Carrie's Kitchen: Three Southwestern recipes to spice up Thanksgiving

This November we’re investigating Thanksgiving styles from different geographical parts of the country. I told you last week that a Southern Thanksgiving was the one I was most excited about, but the Southwestern Thanksgiving had me the most curious.

When searching for recipes for this week, I had a lot to choose from! I think a lot of times we associate Southwestern food with just Tex-Mex, but the broader region really incorporates a lot more variety. The one expectation that held up to be true, though, was that they use a lot of hot peppers in their food.


I thought I’d share another turkey recipe this week, and this one is for a stuffed turkey breast, which may be more appropriate than cooking a whole turkey if you’re hosting a smaller group. The “stuffing” was not what I expected for a Southwestern recipe: carrot, zucchini, ham, bread (versus cornbread) and Parmesan cheese. You do add lime wedges to the chicken stock so that sounded interesting. Stuffed turkey breast (or chicken breast) can be a little extra work, but it’s very elegant and will score you accolades from your guests.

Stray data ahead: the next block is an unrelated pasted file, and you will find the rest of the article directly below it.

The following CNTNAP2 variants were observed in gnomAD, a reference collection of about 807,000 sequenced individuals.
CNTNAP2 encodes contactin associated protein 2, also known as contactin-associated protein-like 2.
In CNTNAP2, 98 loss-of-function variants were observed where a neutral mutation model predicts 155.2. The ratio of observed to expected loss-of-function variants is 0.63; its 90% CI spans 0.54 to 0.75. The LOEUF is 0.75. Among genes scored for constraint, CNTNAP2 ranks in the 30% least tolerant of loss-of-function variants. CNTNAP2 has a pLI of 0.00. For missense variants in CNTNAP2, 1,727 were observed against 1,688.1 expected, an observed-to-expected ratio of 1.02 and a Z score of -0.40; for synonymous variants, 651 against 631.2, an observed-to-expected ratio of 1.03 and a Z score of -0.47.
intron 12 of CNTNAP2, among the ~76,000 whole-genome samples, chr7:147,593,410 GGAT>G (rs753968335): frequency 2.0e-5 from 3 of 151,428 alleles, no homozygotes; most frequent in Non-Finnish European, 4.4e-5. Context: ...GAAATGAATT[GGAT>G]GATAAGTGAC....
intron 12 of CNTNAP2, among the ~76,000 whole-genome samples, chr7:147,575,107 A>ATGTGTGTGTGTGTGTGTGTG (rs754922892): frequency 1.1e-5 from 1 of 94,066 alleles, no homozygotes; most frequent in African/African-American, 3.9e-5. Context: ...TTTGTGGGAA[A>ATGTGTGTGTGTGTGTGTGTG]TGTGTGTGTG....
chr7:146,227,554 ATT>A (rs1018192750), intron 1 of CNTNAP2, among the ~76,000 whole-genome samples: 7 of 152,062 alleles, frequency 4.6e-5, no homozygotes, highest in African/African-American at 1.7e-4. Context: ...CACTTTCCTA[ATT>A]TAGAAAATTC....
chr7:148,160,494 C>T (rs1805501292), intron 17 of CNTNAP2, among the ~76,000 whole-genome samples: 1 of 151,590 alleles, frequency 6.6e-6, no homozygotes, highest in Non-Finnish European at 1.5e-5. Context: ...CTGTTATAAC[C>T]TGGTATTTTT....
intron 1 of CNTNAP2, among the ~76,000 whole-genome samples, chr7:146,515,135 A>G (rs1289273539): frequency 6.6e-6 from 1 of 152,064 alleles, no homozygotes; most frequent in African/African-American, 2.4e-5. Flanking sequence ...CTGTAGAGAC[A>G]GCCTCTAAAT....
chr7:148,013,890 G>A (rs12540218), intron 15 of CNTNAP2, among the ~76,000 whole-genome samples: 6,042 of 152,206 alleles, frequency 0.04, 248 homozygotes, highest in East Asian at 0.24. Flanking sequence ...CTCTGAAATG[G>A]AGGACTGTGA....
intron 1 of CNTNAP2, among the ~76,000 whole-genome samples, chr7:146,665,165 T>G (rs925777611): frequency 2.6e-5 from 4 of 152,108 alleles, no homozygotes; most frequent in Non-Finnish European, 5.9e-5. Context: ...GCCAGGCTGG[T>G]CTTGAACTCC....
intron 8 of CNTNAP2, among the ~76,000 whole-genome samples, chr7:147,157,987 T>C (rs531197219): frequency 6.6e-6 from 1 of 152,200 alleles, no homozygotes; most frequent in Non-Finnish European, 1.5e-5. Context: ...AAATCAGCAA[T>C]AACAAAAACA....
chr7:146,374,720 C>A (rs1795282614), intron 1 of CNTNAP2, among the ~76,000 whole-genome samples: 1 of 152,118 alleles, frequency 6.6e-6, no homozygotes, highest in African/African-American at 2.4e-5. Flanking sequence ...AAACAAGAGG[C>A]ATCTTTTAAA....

Next, a cauliflower gratin. Here you cut the cauliflower into florets, blanch them, then cook them in the oven smothered in a heavy cream and cayenne sauce and layered with poblano pepper strips and cotija cheese (which is kind of like feta but different). I think this one sounds heavenly.

And finally, Bobby Flay’s pumpkin soup with a Mexican cinnamon crème. My family never does soup at Thanksgiving, but in my cooking club, we have soups at almost every meal and it is usually my favorite part. Pumpkin soup is great, and this one has a lot more chicken stock than I usually use so I’m interested to see how it turns out. Planning to make this in the near future.


Southwestern stuffed turkey breast

1½ pound turkey breast, in one piece

1 carrot, julienned

1 medium zucchini, julienned

1/3 cup ham, julienned

1 4-ounce can green chiles, chopped